For years, fans of biomechanical tattooing have been traveling all the way out to Yucaipa to get work done by one of the best in the world.
Although there aren’t many shops in Yucaipa, Roman Abrego’s Artistic Element Tattoo has quickly become a global destination. Although known primarily for his biomechanical work, Abrego is also a world-class artist when it comes to color realism — they're both styles that many tattooers don’t dare touch.
Solid biomech tattoos involve an extremely high level of detail and precision as well as knowledge of the human anatomy. They’re the ones that make the tattooed area look mechanical (in case you couldn’t tell based on the name alone), and the smallest imperfections can easily ruin an entire sleeve.
Now, you won’t always have to spend an hour or two heading east on the 10 to get top-notch biomech work. Abrego is taking full control over his second shop (Artistic Element Tattoo II) in Hollywood, and he’s already figured out how to manage both.
“There’s a loft [at the Hollywood shop] where I can stay whenever I’m tattooing here,” Abrego says. “I like coming out here, but I hate the drive. When I’m at this location, I’ll be here for at least a few days at a time.”
Running one shop can be challenging enough for an artist, but it’s a labor of love for Abrego. He opened the second location in March 2012, and in January 2015, when he won a $20,000 award for his entry into a Rockstar Energy Drink can art contest, he was able to bring the space up to his standards.
After adding about $100,000 of his own money, Abrego finally had a pair of shops he was proud to call his own.
But Abrego wasn’t always in a position to drop six figures on creating an impeccable tattoo shop. The famously mohawked tattooer got into art at a very young age by drawing designs that meant something to him — like the all-important Ninja Turtles — with his artistic grandfather, but he gave it up as a teenager. Abrego then spent about three years in jail, and it was there that he began drawing again, and even where he tattooed for the first time.
“I could just focus everything on [the art] and fine-tune everything,” Abrego says. “I was never really formally taught, I was just [tattooing] in my house after I got out. I just started working and working to get better.”
While some home-based tattooers will just work from their kitchen table, Abrego had a semi-professional sanitary station set up in his place. His work got to the point where people took notice, so the young tattooer found himself working at Empire Tattoo Studios in Riverside in no time. From there, Abrego landed a job at Tried N True Tattoo in Moreno Valley, and that’s where his tattoo education really began to take off.
“I basically threw my old portfolio away and just started fresh,” Abrego says. “They did a lot of geometric stuff and organic stuff, so I wanted to do metal stuff. That’s when I started doing biomechanical.”
Abrego’s built the bulk of his career off of his biomechanical work, but he’s begun to take on other work as the difficult style has grown in popularity. Many young biomech artists look at Abrego’s work for inspiration and to see how their style should be done, but as much as he’s helped to expand the genre, Abrego is already looking to take it to another level.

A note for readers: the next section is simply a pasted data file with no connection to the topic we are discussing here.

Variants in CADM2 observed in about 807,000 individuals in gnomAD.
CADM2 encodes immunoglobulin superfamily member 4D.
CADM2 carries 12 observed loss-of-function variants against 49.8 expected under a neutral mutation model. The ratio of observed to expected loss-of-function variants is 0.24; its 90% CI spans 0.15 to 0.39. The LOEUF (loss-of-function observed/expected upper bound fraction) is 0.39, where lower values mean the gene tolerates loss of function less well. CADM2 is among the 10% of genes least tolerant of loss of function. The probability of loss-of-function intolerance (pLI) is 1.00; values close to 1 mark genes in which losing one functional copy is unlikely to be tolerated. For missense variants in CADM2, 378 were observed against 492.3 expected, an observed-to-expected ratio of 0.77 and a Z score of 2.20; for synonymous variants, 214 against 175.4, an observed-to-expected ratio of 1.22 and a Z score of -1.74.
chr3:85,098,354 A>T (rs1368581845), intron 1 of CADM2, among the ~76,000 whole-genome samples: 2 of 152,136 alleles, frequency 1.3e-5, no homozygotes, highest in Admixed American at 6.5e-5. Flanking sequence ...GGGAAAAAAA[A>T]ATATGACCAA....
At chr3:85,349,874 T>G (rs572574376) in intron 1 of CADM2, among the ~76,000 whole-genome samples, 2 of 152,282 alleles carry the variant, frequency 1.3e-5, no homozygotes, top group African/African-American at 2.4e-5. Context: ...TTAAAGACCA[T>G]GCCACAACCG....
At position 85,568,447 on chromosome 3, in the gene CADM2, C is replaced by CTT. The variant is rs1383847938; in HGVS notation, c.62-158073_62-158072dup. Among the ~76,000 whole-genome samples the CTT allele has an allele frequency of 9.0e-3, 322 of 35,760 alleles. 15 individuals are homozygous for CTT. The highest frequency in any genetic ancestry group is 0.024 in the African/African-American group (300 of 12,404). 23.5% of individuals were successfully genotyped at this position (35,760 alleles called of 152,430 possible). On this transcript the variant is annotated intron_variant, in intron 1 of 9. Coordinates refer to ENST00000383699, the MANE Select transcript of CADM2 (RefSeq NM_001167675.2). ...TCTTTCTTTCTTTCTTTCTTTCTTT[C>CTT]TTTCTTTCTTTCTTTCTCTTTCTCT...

Other artists struggle to do semi-realistic biomechanical work, but Abrego – who exclusively books full-day appointments at his shops – wants to start incorporating the level of detail and finesse in his super realistic color portraits into his biomech pieces as well.
“I always tell people I can get their whole biomechanical sleeve done in one day, because I can,” Abrego says. “But I want to try slowing it down and doing some real detailed stuff. I want to change up my style and see what I can do with it.”
Considering where biomechanical tattooing was when Abrego began his career, no one can blame him for wanting to up the ante. Fifteen years ago, biomech was virtually unheard of. With biomechanical tattoos so few and far between, Abrego would check out the style wherever he could. He’d even watch his co-worker draw engines, just to get the details down.
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“When I first got tattooed, I wanted to get my whole body done in biomechanical,” Abrego says. “There were really only a few guys doing it, like Paul Booth and Guy Aitchison, but now there are a lot of guys who are really good at it. I used to get these little books of black and gray biomechanical stuff from this guy in jail. I used to look at all his stuff, that’s where it all came from.”
As with anything, there are only so many biomechanical pieces Abrego is willing to do before he needs to work on something else. These days, the tattooer knocks out gorgeous realistic portraits on a daily basis. From Tupac to How to Train Your Dragon, German shepherds to Walking Dead zombies, it’s imperative to Abrego that he keeps doing plenty of portraits as well to keep his art fresh at all times.
“I like doing a lot of portraits too these days,” Abrego says. “I just try not to get bored with it. If I did one style all the time, I’d get bored.”
Artistic Element Tattoo II, 7460 Melrose Ave., Hollywood; (323) 782-9155, @romantattoos.